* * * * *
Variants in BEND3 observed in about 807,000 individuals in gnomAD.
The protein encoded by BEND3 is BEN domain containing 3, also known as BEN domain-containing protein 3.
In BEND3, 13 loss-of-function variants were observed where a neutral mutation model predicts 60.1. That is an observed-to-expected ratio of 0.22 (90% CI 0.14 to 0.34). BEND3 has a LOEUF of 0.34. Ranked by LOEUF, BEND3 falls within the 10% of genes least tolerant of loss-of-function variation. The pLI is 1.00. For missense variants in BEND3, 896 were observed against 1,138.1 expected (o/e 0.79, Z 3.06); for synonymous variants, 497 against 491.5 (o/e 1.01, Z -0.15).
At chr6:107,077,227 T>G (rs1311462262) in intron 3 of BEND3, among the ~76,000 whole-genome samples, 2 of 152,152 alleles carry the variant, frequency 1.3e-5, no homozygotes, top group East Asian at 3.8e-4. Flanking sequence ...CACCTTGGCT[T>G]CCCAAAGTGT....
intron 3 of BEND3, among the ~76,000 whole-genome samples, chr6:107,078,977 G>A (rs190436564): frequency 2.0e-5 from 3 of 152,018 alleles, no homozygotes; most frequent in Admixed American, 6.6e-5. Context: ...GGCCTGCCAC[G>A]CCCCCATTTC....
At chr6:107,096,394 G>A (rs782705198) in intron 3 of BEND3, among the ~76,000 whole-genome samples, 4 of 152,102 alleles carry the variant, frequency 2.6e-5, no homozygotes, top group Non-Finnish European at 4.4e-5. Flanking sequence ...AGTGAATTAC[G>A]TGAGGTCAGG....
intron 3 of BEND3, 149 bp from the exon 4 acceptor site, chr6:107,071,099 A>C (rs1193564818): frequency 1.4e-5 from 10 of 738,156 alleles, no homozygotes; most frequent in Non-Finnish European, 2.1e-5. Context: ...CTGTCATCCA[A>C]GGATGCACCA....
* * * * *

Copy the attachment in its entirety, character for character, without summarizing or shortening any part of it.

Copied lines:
Variants in BEND3 observed in about 807,000 individuals in gnomAD.
The protein encoded by BEND3 is BEN domain containing 3, also known as BEN domain-containing protein 3.
In BEND3, 13 loss-of-function variants were observed where a neutral mutation model predicts 60.1. That is an observed-to-expected ratio of 0.22 (90% CI 0.14 to 0.34). BEND3 has a LOEUF of 0.34. Ranked by LOEUF, BEND3 falls within the 10% of genes least tolerant of loss-of-function variation. The pLI is 1.00. For missense variants in BEND3, 896 were observed against 1,138.1 expected (o/e 0.79, Z 3.06); for synonymous variants, 497 against 491.5 (o/e 1.01, Z -0.15).
At chr6:107,077,227 T>G (rs1311462262) in intron 3 of BEND3, among the ~76,000 whole-genome samples, 2 of 152,152 alleles carry the variant, frequency 1.3e-5, no homozygotes, top group East Asian at 3.8e-4. Flanking sequence ...CACCTTGGCT[T>G]CCCAAAGTGT....
intron 3 of BEND3, among the ~76,000 whole-genome samples, chr6:107,078,977 G>A (rs190436564): frequency 2.0e-5 from 3 of 152,018 alleles, no homozygotes; most frequent in Admixed American, 6.6e-5. Context: ...GGCCTGCCAC[G>A]CCCCCATTTC....
At chr6:107,096,394 G>A (rs782705198) in intron 3 of BEND3, among the ~76,000 whole-genome samples, 4 of 152,102 alleles carry the variant, frequency 2.6e-5, no homozygotes, top group Non-Finnish European at 4.4e-5. Flanking sequence ...AGTGAATTAC[G>A]TGAGGTCAGG....
intron 3 of BEND3, 149 bp from the exon 4 acceptor site, chr6:107,071,099 A>C (rs1193564818): frequency 1.4e-5 from 10 of 738,156 alleles, no homozygotes; most frequent in Non-Finnish European, 2.1e-5. Context: ...CTGTCATCCA[A>C]GGATGCACCA....